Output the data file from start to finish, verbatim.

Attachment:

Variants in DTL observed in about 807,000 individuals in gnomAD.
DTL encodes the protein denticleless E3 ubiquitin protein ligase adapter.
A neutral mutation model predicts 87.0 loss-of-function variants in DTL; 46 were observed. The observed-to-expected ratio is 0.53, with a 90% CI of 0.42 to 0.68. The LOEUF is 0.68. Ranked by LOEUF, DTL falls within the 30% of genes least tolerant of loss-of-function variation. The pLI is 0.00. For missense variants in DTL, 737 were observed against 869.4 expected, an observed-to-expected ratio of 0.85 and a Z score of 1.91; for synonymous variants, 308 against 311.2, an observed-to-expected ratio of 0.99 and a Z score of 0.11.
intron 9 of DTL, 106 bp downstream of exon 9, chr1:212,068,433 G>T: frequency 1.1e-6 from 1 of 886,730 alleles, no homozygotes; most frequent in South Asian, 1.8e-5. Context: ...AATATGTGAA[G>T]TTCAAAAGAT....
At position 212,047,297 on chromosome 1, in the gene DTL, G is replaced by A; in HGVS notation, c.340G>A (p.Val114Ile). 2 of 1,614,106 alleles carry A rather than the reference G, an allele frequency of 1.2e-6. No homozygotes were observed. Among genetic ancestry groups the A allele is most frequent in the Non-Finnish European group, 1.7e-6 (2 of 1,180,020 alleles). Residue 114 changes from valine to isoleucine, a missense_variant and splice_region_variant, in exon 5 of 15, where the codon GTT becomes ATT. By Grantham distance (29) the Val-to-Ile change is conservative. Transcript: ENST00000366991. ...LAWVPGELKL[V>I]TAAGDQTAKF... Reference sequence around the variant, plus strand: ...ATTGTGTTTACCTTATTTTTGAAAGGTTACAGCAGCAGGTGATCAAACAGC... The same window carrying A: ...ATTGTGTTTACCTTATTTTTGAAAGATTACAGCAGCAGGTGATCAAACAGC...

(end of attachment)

Variants in DTL observed in about 807,000 individuals in gnomAD.
DTL encodes the protein denticleless E3 ubiquitin protein ligase adapter.
A neutral mutation model predicts 87.0 loss-of-function variants in DTL; 46 were observed. The observed-to-expected ratio is 0.53, with a 90% CI of 0.42 to 0.68. The LOEUF is 0.68. Ranked by LOEUF, DTL falls within the 30% of genes least tolerant of loss-of-function variation. The pLI is 0.00. For missense variants in DTL, 737 were observed against 869.4 expected, an observed-to-expected ratio of 0.85 and a Z score of 1.91; for synonymous variants, 308 against 311.2, an observed-to-expected ratio of 0.99 and a Z score of 0.11.
intron 9 of DTL, 106 bp downstream of exon 9, chr1:212,068,433 G>T: frequency 1.1e-6 from 1 of 886,730 alleles, no homozygotes; most frequent in South Asian, 1.8e-5. Context: ...AATATGTGAA[G>T]TTCAAAAGAT....
At position 212,047,297 on chromosome 1, in the gene DTL, G is replaced by A; in HGVS notation, c.340G>A (p.Val114Ile). 2 of 1,614,106 alleles carry A rather than the reference G, an allele frequency of 1.2e-6. No homozygotes were observed. Among genetic ancestry groups the A allele is most frequent in the Non-Finnish European group, 1.7e-6 (2 of 1,180,020 alleles). Residue 114 changes from valine to isoleucine, a missense_variant and splice_region_variant, in exon 5 of 15, where the codon GTT becomes ATT. By Grantham distance (29) the Val-to-Ile change is conservative. Transcript: ENST00000366991. ...LAWVPGELKL[V>I]TAAGDQTAKF... Reference sequence around the variant, plus strand: ...ATTGTGTTTACCTTATTTTTGAAAGGTTACAGCAGCAGGTGATCAAACAGC... The same window carrying A: ...ATTGTGTTTACCTTATTTTTGAAAGATTACAGCAGCAGGTGATCAAACAGC...